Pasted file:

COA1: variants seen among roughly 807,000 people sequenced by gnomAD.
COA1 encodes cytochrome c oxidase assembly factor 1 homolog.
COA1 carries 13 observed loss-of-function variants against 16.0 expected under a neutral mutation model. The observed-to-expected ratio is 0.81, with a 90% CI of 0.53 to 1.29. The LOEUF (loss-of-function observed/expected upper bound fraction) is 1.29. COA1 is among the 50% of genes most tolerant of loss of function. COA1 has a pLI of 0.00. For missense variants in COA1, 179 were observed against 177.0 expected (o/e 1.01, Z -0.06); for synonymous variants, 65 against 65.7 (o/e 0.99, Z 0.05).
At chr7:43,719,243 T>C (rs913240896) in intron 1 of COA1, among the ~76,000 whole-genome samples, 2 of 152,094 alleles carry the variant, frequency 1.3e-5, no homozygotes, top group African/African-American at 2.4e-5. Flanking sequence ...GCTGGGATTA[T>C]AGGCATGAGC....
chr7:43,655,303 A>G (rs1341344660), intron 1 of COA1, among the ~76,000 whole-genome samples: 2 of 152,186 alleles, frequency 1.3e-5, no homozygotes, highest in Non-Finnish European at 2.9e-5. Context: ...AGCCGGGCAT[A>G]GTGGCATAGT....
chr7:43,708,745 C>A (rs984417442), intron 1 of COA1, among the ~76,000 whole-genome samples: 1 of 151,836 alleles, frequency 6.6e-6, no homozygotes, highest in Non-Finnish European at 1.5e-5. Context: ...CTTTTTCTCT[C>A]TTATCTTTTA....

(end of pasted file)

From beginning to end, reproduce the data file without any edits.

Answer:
COA1: variants seen among roughly 807,000 people sequenced by gnomAD.
COA1 encodes cytochrome c oxidase assembly factor 1 homolog.
COA1 carries 13 observed loss-of-function variants against 16.0 expected under a neutral mutation model. The observed-to-expected ratio is 0.81, with a 90% CI of 0.53 to 1.29. The LOEUF (loss-of-function observed/expected upper bound fraction) is 1.29. COA1 is among the 50% of genes most tolerant of loss of function. COA1 has a pLI of 0.00. For missense variants in COA1, 179 were observed against 177.0 expected (o/e 1.01, Z -0.06); for synonymous variants, 65 against 65.7 (o/e 0.99, Z 0.05).
At chr7:43,719,243 T>C (rs913240896) in intron 1 of COA1, among the ~76,000 whole-genome samples, 2 of 152,094 alleles carry the variant, frequency 1.3e-5, no homozygotes, top group African/African-American at 2.4e-5. Flanking sequence ...GCTGGGATTA[T>C]AGGCATGAGC....
chr7:43,655,303 A>G (rs1341344660), intron 1 of COA1, among the ~76,000 whole-genome samples: 2 of 152,186 alleles, frequency 1.3e-5, no homozygotes, highest in Non-Finnish European at 2.9e-5. Context: ...AGCCGGGCAT[A>G]GTGGCATAGT....
chr7:43,708,745 C>A (rs984417442), intron 1 of COA1, among the ~76,000 whole-genome samples: 1 of 151,836 alleles, frequency 6.6e-6, no homozygotes, highest in Non-Finnish European at 1.5e-5. Context: ...CTTTTTCTCT[C>A]TTATCTTTTA....